Hush, ye fond flutterings, hush! while here alone I search the records of each mouldering stone. Guides of my life! instructors of my youth! Who first unveil'd the hallow'd form of Truth; Whose every word enlighten'd and endear'd; In age beloved, in poverty revered; In Friendship's silent register ye live, Nor ask the vain memorial Art can give.
-But when the sons of peace, of pleasure sleep,
To pass the clouds that round thy empire roll,
Lull'd in the countless chambers of the brain,
Survey the globe, each ruder realm explore; From Reason's faintest ray to NEWTON soar. What different spheres to human bliss assign'd! What slow gradations in the scale of mind! Yet mark in each these mystic wonders wrought; Oh mark the sleepless energies of thought!
The adventurous boy, that asks his little share, And hies from home with many a gossip's prayer, Turns on the neighboring hill, once more to see The dear abode of peace and privacy; And as he turns, the thatch among the trees, The smoke's blue wreaths ascending with the breeze, The village-common spotted white with sheep, The church-yard yews round which his fathers sleep; (3)
All rouse Reflection's sadly-pleasing train,
And all his soul best loved-such tears he shed,
Long o'er the wave a wistful look he cast,
So Scotia's Queen, (5) as slowly dawn'd the day, Rose on her couch, and gazed her soul away. Her eyes had bless'd the beacon's glimmering height, That faintly tipt the feathery surge with light; But now the morn with orient hues portray'd Each castled cliff, and brown monastic shade: All touch'd the talisman's resistless spring, And lo, what busy tribes were instant on the wing!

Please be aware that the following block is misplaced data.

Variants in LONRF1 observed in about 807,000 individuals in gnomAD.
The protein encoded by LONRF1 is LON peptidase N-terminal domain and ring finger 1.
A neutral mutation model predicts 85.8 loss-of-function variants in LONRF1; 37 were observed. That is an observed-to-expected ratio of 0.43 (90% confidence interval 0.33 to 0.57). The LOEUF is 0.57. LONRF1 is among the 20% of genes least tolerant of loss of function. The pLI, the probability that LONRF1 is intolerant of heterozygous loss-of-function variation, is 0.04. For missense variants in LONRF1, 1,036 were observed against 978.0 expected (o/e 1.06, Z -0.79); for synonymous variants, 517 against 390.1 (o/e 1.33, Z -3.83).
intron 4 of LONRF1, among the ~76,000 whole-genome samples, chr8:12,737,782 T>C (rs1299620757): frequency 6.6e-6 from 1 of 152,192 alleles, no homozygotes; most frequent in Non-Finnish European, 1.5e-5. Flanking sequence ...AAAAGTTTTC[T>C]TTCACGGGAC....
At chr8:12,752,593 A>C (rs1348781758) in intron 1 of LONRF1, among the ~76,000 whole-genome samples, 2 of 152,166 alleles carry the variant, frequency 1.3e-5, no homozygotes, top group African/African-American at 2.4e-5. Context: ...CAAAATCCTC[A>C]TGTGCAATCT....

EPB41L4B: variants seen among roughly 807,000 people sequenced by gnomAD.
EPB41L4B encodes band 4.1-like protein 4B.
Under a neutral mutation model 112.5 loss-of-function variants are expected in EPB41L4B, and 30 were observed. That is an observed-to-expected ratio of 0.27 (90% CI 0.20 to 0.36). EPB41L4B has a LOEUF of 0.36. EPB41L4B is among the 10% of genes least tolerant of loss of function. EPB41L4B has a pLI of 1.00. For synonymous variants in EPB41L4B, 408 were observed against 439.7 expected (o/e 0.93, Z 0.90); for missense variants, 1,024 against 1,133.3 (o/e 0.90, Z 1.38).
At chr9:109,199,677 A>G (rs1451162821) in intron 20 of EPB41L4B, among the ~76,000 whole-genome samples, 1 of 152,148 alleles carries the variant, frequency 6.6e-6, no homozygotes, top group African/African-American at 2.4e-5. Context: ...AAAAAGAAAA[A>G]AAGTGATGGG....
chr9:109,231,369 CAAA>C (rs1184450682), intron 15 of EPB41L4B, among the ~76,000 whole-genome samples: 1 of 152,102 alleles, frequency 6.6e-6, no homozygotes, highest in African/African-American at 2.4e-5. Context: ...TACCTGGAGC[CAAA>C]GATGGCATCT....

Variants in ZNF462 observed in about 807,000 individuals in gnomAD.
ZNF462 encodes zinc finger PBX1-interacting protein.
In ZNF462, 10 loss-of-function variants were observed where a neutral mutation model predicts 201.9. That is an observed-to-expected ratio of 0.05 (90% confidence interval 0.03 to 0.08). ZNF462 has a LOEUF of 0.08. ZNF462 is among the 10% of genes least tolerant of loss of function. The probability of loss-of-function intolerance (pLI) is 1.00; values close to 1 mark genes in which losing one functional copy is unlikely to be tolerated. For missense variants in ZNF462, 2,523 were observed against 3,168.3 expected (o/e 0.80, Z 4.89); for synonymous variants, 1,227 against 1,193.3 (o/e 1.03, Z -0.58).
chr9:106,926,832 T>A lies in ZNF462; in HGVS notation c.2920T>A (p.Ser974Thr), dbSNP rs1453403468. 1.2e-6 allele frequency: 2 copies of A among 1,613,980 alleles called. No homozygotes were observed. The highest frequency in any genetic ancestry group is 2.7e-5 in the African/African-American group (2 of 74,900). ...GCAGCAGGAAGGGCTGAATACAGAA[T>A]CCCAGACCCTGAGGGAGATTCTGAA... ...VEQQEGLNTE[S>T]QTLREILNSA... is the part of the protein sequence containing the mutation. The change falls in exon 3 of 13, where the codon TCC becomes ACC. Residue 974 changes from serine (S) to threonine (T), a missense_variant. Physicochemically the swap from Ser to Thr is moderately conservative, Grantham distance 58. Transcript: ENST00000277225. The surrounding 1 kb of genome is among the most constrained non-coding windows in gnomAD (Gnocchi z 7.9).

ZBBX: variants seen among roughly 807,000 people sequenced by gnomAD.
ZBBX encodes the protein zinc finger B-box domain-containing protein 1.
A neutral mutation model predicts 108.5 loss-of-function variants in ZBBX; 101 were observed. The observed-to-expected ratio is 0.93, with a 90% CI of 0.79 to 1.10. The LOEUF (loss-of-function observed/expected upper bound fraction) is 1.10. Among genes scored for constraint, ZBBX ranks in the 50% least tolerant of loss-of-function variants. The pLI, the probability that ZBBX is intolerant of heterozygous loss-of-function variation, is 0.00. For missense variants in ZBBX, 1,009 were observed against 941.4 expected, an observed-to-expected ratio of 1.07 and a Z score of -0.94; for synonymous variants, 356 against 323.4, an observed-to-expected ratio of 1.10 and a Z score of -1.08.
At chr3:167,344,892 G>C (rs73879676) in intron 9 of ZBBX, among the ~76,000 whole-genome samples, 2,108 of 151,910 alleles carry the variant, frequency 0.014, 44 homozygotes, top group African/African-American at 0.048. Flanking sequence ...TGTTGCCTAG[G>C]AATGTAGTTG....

Thus kindred objects kindred thoughts inspire, (6) As summer-clouds flash forth electric fire. And hence this spot gives back the joys of youth, Warm as the life, and with the mirror's truth. Hence home-felt pleasure (7) prompts the Patriot's sigh;
This makes him wish to live, and dare to die.
When reason, justice, vainly urged his cause,
And hence the charm historic scenes impart: (9)
In Rome's great forum, who but hears him roll
And hence that calm delight the portrait gives: We gaze on every feature till it lives! Still the fond lover sees the absent maid; And the lost friend still lingers in his shade! Say why the pensive widow loves to weep, (13) When on her knee she rocks her babe to sleep: Tremblingly still, she lifts his veil to trace The father's features in his infant face. The hoary grandsire smiles the hour away, Won by the raptures of a game at play; He bends to meet each artless burst of joy, Forgets his age, and acts again the boy.
What though the iron school of War erase
The intrepid Swiss, who guards a foreign shore,
Memoir of Samuel Rogers.